3

I'm very new to Python and trying to learn how classes, methods, scopes, etc works by building very silly programs with no real purpose.

The code I wrote below is suppose to just define a class Functions that is instantiated using an x and a y value and then one can execute various simple math functions like add subtract, multiply or divide (yes I know there is a Python Math library).

However, whenever I run my code and I get to the section where I want to run a math function in my class it runs the entire program over again and then does the math function.

What am I doing wrong here?

The file name is MyMath.py

class Functions():

   def __init__(self, x, y):
       self.x = x
       self.y = y

   def add(self):
      return self.x+self.y

   def subtract(self):
       return self.x-self.y

   def multiply(self):
       return self.x*self.y

   def divide(self):
       return self.x/self.y

def check_input(input):
    if input == int:
        pass
    else:
        while not input.isdigit():
            input = raw_input("\n " + input + " is not a number.  Please try again: ")

    return input

print("Welcome to the customzied Math program!")
x = raw_input("\nTo begin, please enter your first number: ")
x = check_input(x)

y = raw_input("Enter your second number: ")
y = check_input(y)

from MyMath import Functions 

math = Functions(x,y)
print(math.add())
  • 2
    If all of the above code is in the same file, the line from MyMath import Functions will cause all module level code in the MyMath module to be executed once. So, if you run MyMath as a script, it will be executed twice. – schwobaseggl Dec 22 '15 at 15:25
  • 2
    Well, for one thing, you're not referencing the instance attributes correctly. Also, if input == int: doesn't do what you think it does. – Morgan Thrapp Dec 22 '15 at 15:25
  • check_input is wrong, but that's an issue for another question. – chepner Dec 22 '15 at 15:26
  • @MorganThrapp I just realized that myself, I need to do self.x + self.y, right? – hax0r_n_code Dec 22 '15 at 15:26
8

Remove the following statement.

from MyMath import Functions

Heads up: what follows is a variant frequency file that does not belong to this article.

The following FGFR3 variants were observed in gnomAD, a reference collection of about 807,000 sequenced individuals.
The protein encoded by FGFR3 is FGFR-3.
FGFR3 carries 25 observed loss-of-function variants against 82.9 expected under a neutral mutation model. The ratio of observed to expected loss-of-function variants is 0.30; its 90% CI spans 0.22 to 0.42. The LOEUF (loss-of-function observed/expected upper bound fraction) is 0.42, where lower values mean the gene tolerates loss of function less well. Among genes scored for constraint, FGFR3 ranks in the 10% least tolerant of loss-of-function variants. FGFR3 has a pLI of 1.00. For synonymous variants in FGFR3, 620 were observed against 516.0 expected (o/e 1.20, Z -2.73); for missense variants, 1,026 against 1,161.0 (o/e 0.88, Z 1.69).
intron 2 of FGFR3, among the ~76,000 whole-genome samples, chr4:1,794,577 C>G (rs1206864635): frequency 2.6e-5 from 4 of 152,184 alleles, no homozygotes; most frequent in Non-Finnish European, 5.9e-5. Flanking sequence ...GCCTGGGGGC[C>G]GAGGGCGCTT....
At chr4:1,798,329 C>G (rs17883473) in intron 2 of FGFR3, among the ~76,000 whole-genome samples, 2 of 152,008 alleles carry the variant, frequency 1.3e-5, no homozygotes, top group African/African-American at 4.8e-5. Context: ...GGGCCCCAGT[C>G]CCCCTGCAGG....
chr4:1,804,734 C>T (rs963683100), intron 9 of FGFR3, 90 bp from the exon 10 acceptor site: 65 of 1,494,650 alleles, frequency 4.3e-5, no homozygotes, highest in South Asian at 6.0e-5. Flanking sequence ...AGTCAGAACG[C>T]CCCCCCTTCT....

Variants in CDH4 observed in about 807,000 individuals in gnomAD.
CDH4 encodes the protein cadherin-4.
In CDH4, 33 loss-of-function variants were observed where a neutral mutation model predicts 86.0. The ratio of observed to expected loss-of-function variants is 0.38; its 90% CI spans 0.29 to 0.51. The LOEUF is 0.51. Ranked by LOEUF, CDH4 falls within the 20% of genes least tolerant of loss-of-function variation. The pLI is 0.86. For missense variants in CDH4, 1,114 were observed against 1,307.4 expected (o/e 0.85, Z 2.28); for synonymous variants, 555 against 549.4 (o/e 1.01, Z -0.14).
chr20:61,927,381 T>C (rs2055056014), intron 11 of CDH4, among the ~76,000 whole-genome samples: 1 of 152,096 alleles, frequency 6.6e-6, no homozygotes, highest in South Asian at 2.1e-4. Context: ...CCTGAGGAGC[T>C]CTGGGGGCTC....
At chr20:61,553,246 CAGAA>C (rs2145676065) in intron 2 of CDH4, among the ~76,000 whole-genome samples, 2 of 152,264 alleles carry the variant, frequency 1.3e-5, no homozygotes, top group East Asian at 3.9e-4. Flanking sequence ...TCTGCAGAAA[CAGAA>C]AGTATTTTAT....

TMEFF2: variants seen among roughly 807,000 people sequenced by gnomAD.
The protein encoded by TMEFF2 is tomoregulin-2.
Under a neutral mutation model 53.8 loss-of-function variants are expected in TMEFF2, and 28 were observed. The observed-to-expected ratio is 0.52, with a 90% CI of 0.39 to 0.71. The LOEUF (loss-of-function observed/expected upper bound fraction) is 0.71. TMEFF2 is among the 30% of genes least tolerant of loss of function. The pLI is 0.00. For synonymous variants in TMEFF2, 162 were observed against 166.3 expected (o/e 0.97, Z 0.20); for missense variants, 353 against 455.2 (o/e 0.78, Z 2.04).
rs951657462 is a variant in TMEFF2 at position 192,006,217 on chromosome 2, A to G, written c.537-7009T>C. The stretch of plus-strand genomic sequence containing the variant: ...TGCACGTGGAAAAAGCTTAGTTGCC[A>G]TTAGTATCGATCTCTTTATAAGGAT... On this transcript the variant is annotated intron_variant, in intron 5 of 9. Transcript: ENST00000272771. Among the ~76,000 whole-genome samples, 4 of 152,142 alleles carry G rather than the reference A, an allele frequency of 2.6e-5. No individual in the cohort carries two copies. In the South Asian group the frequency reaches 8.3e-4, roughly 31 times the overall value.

The first line of the program defines the name Functions, and you can use it without having to import it. You only use the import command if the class (or function, or variable, ...) is defined in a different file/module.

Note in addition: When you import anything from a module the whole module is run as a script (although only the Functions name is imported into the local namespace). For this reason, everything within a file to be imported should be contained inside a class or function (unless there is a good reason not to...).

  • 1
    Also good to add that Python will add as a script, with the starting point being the global scope. Any code there will be executed on import as well – Zizouz212 Dec 22 '15 at 15:30
  • @Zizouz212 thanks, I was just about to ask this – hax0r_n_code Dec 22 '15 at 15:31
  • Any idea why this is not adding the two numbers and instead concatenating them? @Zizouz212 – hax0r_n_code Dec 22 '15 at 15:38
  • @Zizouz212 if I do addition from the command line it works fine, not sure what is happening with the variables... – hax0r_n_code Dec 22 '15 at 15:39
  • That's because you're trying to add strings. Python has different 'containers' for different types of 'data' and, you can really add those two together. From the command line, it works, because Python recognizes, and changes them to the appropriate type before they are added. – Zizouz212 Dec 22 '15 at 15:42

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